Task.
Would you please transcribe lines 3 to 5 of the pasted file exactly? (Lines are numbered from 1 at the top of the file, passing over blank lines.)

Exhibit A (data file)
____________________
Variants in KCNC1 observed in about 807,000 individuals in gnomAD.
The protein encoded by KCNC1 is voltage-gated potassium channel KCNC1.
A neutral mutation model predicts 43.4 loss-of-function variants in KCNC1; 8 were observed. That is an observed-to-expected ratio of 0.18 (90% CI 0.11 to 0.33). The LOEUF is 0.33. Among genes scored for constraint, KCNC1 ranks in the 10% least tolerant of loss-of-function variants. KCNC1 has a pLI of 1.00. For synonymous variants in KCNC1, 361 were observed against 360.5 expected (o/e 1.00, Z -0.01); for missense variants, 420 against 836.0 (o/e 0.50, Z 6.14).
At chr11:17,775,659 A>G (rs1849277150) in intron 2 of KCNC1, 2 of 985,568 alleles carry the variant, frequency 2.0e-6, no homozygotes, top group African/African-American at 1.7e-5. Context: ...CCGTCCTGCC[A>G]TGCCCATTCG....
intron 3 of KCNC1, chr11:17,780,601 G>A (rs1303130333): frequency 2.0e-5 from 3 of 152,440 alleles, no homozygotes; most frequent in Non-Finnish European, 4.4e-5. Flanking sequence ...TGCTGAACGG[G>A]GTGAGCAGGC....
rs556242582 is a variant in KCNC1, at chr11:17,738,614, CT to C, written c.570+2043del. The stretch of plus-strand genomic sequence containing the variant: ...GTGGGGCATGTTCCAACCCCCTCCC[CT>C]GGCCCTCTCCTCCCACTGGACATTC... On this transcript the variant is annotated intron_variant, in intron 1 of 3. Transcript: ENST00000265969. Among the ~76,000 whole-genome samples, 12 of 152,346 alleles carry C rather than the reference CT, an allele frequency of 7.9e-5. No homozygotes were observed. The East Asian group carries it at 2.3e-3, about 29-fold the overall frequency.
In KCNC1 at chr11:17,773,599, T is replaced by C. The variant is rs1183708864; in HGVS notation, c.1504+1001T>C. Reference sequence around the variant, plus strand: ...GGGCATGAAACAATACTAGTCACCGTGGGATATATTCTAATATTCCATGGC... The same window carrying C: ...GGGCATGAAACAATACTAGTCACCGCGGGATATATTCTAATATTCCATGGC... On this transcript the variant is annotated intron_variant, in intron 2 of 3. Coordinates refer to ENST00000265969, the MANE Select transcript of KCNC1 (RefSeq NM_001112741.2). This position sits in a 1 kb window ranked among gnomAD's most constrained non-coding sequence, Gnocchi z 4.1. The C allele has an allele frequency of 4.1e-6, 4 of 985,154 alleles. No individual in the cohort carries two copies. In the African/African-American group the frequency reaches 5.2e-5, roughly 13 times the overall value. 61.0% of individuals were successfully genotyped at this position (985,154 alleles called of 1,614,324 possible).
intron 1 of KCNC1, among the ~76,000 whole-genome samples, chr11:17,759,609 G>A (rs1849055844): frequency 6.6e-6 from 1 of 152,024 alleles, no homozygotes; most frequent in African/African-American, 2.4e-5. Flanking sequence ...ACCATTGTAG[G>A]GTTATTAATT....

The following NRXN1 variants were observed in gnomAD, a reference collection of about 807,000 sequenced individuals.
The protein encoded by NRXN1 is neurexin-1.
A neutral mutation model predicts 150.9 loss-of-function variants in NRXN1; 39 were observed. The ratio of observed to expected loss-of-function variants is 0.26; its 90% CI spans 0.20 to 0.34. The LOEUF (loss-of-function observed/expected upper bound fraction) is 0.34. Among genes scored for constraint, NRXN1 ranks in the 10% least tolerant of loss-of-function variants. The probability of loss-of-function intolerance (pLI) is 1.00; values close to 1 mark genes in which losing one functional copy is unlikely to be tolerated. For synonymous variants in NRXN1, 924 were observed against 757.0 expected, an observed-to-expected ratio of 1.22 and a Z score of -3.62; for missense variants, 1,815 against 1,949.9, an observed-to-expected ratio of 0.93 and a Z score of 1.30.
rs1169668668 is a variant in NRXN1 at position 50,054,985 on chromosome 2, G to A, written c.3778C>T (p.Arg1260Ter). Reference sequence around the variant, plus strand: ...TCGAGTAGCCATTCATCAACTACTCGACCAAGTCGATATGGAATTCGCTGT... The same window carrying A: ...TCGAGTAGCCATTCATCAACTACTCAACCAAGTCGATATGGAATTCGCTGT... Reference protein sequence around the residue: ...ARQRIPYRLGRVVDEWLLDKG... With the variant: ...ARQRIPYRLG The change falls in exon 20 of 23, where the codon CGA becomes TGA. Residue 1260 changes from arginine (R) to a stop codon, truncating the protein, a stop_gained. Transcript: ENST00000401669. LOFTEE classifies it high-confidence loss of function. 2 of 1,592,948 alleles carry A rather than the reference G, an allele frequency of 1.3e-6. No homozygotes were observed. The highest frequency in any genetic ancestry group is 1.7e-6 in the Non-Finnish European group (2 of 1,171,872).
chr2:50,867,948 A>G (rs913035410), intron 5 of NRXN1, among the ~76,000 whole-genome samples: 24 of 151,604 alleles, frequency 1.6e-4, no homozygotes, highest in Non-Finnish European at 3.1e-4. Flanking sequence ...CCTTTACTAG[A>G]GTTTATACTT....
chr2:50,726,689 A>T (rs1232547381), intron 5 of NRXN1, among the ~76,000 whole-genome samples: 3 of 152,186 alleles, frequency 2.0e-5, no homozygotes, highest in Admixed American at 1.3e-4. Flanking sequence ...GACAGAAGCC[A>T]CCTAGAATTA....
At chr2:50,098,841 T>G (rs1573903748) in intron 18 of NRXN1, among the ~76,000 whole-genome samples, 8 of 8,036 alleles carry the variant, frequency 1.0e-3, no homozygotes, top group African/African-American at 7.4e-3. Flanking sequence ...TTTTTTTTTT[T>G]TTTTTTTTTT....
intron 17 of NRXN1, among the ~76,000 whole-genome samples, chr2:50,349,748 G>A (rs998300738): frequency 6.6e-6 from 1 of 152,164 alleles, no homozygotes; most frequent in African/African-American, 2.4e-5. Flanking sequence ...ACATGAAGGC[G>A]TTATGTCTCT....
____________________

A neutral mutation model predicts 43.4 loss-of-function variants in KCNC1; 8 were observed. That is an observed-to-expected ratio of 0.18 (90% CI 0.11 to 0.33). The LOEUF is 0.33. Among genes scored for constraint, KCNC1 ranks in the 10% least tolerant of loss-of-function variants. KCNC1 has a pLI of 1.00. For synonymous variants in KCNC1, 361 were observed against 360.5 expected (o/e 1.00, Z -0.01); for missense variants, 420 against 836.0 (o/e 0.50, Z 6.14).
At chr11:17,775,659 A>G (rs1849277150) in intron 2 of KCNC1, 2 of 985,568 alleles carry the variant, frequency 2.0e-6, no homozygotes, top group African/African-American at 1.7e-5. Context: ...CCGTCCTGCC[A>G]TGCCCATTCG....
intron 3 of KCNC1, chr11:17,780,601 G>A (rs1303130333): frequency 2.0e-5 from 3 of 152,440 alleles, no homozygotes; most frequent in Non-Finnish European, 4.4e-5. Flanking sequence ...TGCTGAACGG[G>A]GTGAGCAGGC....